Unlike China, America has yet to take the bait on fish farming.
In a report out last week, the National Oceanic and Atmospheric Administration (N.O.A.A.) reported a total catch of 9.2 billion pounds of seafood for American ports, beating averages for the last 10 years. That’s good news for the wild fisheries off our coasts, but aquaculture — the broad term used for fish farming and stocking sea creatures in wild bodies of water — only made a small increase to account for 5 percent of the American catch.
Not so bad, right? After all, fish farming has a well-documented set of issues. The waste, space and antibiotics fish farms require often have a huge impact on surrounding ecosystems and human water supplies. Fish farms could even quicken the pace of rising sea levels. Still, more than 45 percent of the fish Americans eat come from aquaculture enterprises beyond our borders, so at the moment, we are having our farmed tilapia and eating it too.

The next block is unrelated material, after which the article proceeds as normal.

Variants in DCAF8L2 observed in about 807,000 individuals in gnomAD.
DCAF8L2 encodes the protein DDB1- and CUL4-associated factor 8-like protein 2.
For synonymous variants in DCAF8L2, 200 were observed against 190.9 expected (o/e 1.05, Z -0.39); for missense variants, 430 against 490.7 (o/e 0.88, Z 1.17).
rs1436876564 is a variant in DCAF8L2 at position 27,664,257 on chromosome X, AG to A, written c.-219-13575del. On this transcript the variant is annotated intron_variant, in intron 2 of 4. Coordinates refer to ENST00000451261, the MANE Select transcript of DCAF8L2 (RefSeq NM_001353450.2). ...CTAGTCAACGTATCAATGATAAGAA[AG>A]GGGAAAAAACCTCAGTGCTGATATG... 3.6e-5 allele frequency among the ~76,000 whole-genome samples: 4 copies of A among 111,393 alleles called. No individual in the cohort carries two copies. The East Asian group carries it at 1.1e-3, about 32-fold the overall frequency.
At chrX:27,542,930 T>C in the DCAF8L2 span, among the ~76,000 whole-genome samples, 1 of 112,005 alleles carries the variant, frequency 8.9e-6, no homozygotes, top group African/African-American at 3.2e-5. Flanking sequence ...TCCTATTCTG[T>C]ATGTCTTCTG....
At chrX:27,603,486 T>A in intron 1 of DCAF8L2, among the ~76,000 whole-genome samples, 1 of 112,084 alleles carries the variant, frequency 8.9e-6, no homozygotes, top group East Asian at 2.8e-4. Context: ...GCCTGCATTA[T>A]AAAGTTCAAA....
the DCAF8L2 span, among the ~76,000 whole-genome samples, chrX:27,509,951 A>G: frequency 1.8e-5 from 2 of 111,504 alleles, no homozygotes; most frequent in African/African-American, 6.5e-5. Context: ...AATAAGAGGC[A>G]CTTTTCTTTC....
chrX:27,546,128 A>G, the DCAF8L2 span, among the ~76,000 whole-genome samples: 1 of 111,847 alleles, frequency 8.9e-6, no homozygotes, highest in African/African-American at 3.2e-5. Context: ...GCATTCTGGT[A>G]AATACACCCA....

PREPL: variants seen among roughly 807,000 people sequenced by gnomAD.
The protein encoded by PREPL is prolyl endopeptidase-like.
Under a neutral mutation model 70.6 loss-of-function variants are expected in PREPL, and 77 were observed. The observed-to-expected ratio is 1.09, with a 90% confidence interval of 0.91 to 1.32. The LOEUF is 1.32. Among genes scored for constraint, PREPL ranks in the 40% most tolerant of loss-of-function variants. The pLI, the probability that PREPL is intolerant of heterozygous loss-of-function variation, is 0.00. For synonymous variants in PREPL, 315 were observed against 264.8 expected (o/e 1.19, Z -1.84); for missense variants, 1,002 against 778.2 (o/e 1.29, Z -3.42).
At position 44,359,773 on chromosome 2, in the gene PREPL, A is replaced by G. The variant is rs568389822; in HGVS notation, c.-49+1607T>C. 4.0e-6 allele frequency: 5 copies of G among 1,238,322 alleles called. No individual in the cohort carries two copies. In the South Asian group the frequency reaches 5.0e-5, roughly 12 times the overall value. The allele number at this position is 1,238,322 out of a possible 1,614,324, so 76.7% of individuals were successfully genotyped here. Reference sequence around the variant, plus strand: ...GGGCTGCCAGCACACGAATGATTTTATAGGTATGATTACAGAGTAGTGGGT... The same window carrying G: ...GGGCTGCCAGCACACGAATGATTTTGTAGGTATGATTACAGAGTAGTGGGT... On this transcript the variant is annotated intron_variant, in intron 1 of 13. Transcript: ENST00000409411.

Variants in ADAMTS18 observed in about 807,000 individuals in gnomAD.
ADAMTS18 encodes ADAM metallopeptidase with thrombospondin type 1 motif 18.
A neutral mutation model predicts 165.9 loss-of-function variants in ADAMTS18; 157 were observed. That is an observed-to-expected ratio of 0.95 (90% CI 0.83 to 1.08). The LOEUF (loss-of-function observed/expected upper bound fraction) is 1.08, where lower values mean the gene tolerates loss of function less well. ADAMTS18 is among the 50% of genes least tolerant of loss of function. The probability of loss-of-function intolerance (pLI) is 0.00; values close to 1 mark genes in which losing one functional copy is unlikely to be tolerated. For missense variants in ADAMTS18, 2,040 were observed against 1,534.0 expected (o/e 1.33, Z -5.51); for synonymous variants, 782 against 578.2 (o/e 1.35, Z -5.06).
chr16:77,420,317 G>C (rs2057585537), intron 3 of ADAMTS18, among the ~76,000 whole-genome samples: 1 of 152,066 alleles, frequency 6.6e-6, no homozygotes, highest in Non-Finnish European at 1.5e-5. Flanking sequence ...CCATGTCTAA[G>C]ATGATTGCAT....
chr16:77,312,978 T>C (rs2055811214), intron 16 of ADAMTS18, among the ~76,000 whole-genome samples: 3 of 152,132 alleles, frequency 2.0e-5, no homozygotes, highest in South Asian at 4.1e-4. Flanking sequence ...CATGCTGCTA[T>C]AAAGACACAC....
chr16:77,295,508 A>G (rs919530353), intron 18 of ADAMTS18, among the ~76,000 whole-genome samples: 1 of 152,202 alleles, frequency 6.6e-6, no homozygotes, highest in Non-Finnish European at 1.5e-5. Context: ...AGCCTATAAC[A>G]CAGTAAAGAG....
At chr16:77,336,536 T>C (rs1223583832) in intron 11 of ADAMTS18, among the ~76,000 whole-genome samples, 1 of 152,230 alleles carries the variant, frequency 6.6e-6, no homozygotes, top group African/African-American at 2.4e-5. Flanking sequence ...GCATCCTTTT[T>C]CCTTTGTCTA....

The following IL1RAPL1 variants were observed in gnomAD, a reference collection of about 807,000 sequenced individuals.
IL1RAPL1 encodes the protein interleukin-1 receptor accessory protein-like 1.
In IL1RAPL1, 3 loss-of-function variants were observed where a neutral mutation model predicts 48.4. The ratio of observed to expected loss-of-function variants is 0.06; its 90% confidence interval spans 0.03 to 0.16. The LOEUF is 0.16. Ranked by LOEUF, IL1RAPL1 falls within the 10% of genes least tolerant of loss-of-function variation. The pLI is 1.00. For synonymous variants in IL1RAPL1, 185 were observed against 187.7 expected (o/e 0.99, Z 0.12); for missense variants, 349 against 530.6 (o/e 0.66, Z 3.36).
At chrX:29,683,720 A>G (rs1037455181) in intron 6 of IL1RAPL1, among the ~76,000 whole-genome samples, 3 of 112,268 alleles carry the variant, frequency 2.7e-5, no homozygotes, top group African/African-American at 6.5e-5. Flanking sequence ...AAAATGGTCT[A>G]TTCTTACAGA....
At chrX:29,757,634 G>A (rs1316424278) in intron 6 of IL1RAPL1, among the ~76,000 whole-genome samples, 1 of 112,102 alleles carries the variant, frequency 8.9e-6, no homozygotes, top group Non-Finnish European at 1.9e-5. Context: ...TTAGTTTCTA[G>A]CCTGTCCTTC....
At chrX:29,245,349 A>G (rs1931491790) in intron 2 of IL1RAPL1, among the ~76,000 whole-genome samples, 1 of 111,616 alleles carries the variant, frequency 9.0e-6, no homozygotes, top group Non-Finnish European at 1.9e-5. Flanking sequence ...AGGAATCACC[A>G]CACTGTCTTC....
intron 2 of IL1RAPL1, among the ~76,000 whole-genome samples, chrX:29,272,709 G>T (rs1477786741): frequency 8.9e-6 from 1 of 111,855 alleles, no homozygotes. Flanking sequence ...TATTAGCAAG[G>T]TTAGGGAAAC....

China, in the meantime, has dominated the market for farmed seafood. The graph above speaks for itself, but for a quick analysis, it shows that China’s share of the global production from aquaculture was 77 times the United States’ in 2011. Proponents for domestic fish farming don’t think we should ever try to rival such numbers, but do advocate a modest increase in our aquaculture efforts. A N.O.A.A. memo predicts that doubling U.S. aquaculture would result in 50,000 domestic jobs and a billion dollars of new value.
For now, the numbers from N.O.A.A. make one fact abundantly clear: When it comes to aquaculture, the U.S. remains a tiny fish in an growing Asian pond.